3 Crazy Big-Time IT Security Threats to Your Business
Cybercrime is more advanced than ever before. It seems more and more frequent that we hear of a company that just suffered crippling data compromise, which can result in a severely damaged reputation. Using cutting-edge technology, criminals continue to collaborate and share knowledge so as to more successfully infiltrate networks.
So how do we as a business community stay ahead of cybercriminals? Well, in this case, knowledge is key. We’re here to help you understand a few things you might not know regarding network and data security. In fact, this newest breed of security threats to your business may take you by surprise, which is why they are successfully infiltrating networks.
Here are three unexpected IT vulnerabilities in your business:
1. Third Party Providers
Perhaps you’ve taken all the precautions a company should. You have an excellent security network—proactive monitoring, data backup and recovery plans, updated technology and a security team working around the clock making sure your network is airtight. When cybercriminals come up against a security program such as this, they often avoid it for easier targets—which unfortunately, might be in your supply chain.
For example, the high profile data breach that cost Target $162 million occurred due to a third-party web services weakness of their HVAC company. Sharing your customer data with your supply chain can sometime increase overall efficiency of your organization, but it also comes with risks. If cybercriminals are able to break into a network along your supply chain, then they may access any data you’ve shared with them.
Many companies are allowing their employees to bring their own technology and devices (BYOx, BYOD, etc.) to work for a variety of reasons. The “bring your own everything” trend (often called “BYOx”) can increase efficiency, save money and improve employee job satisfaction, it’s also a double-edged sword. It introduces the potential for internal data compromise.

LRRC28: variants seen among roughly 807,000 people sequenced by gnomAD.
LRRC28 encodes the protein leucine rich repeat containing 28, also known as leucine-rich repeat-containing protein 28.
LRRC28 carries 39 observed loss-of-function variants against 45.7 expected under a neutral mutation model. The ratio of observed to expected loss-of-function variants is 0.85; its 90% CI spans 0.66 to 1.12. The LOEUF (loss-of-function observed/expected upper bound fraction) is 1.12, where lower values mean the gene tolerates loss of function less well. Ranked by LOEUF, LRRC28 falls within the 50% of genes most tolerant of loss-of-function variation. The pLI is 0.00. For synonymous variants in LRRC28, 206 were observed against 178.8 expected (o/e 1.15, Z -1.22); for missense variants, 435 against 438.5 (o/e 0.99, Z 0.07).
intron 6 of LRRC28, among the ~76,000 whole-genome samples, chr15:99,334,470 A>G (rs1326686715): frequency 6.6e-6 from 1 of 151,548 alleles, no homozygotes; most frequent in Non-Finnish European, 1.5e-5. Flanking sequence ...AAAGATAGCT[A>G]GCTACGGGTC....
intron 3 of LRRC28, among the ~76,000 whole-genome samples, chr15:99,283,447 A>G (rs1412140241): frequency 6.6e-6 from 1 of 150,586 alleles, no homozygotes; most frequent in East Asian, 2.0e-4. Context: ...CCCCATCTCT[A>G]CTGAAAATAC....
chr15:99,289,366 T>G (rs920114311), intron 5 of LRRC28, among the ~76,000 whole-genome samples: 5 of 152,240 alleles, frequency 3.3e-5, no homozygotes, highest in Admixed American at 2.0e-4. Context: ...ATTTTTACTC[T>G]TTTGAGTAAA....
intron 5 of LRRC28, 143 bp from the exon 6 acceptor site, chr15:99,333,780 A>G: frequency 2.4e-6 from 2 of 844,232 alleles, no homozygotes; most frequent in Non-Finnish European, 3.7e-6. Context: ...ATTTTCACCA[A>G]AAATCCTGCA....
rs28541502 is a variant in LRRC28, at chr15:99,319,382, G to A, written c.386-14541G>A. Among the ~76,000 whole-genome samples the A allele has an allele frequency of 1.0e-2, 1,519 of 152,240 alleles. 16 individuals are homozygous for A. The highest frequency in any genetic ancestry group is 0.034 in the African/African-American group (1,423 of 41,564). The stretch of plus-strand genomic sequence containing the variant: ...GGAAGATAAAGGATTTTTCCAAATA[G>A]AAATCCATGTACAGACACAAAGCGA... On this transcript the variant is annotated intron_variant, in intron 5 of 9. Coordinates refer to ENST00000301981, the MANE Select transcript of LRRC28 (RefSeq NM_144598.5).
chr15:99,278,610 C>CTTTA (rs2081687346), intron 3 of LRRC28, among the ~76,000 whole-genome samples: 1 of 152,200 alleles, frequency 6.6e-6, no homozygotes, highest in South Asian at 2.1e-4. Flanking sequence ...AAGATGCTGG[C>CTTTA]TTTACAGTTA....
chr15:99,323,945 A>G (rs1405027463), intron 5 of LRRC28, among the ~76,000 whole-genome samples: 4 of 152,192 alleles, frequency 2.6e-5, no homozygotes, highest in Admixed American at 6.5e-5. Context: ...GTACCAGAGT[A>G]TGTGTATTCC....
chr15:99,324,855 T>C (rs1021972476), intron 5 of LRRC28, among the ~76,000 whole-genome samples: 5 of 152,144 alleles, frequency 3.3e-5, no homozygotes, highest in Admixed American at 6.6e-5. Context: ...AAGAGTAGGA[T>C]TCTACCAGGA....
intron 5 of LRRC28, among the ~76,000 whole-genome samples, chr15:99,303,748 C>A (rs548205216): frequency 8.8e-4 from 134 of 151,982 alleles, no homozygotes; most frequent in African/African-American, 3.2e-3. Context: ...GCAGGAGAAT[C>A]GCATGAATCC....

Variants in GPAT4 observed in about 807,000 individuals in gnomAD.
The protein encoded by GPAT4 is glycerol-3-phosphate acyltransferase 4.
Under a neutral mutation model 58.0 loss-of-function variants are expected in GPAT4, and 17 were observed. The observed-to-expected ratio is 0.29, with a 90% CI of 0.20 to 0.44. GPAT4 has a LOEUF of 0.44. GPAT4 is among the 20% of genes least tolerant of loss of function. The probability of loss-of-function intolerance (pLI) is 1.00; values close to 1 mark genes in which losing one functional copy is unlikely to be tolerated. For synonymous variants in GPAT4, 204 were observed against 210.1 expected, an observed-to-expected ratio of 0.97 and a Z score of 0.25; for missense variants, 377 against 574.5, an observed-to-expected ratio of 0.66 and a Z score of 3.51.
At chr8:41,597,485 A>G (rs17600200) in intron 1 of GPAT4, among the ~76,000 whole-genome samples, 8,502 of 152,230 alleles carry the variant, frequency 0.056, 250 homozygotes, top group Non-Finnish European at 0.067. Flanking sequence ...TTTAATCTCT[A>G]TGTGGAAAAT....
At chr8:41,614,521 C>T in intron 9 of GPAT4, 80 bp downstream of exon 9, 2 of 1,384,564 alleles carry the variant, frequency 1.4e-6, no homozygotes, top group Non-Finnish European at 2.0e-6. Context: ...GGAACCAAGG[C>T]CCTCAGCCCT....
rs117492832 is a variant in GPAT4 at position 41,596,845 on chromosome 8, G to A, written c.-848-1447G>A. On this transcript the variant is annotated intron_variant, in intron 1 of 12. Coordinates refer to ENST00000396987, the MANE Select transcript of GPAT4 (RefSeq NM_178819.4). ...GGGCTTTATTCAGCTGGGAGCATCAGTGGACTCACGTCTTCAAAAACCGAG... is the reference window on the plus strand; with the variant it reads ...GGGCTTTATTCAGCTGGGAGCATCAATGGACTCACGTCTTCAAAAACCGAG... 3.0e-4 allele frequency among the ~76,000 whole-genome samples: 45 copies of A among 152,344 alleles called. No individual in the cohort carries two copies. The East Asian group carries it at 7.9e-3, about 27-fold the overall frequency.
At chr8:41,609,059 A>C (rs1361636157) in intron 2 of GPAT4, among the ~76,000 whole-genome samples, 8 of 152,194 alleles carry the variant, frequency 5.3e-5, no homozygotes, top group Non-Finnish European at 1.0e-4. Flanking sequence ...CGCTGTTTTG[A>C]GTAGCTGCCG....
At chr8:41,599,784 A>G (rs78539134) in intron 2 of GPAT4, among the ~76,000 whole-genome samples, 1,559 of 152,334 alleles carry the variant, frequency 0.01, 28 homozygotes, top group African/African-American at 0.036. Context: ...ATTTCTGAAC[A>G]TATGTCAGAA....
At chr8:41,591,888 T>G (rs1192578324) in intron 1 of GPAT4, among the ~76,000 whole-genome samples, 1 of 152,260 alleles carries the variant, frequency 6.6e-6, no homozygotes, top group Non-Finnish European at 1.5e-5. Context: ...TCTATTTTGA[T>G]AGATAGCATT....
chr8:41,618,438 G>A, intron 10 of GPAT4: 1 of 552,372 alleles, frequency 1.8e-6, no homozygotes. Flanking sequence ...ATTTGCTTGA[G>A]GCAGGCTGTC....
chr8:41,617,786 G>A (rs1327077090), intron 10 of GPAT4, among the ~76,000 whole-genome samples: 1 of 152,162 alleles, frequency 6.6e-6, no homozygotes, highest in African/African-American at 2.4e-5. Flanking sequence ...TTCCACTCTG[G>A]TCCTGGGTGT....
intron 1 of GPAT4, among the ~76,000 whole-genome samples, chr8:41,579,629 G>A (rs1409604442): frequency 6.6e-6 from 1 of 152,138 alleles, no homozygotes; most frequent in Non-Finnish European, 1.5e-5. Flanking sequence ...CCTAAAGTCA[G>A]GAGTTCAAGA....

With cloud communication across devices and applications accessing personal profiles to varying degrees, the need to ensure that security is enforced by every person using a BYOx device is more important than ever. When a security breach occurs due to BYOx, it is often accidental. An unprotected device can be easily broken into, and once inside, criminals can access anything in a secure network that the device can.
3. POS Devices
The majority of point of sale devices in use today are often built from 20th century technology, and even those with more modern systems have weak security builds. This gives cybercriminals using 21st century technology an advantage. They are targeting POS systems, especially those used among small business, because the outdated technology used to build POS machines creates an easily exploitable vulnerability. Breaching POS systems is the easiest method for collecting data and committing payment card fraud.
These threats are becoming more common, so to protect your company’s data, you have to understand where your system is vulnerable. Equipped with this knowledge, you can take preventative measures to protect your network. Ask questions about the security profiles of your supply chain network. If you’re considering a BYOx policy, develop strong policies to protect your company and your employees’ personal data. If you do not already have a strategic IT management plan, maybe it’s time to consider ways to improve your network security.
Either way, keeping up on trends within cybercrime will keep you a step ahead of potential threats. Knowing where your vulnerabilities are is the first step to stopping these criminals dead in their tracks.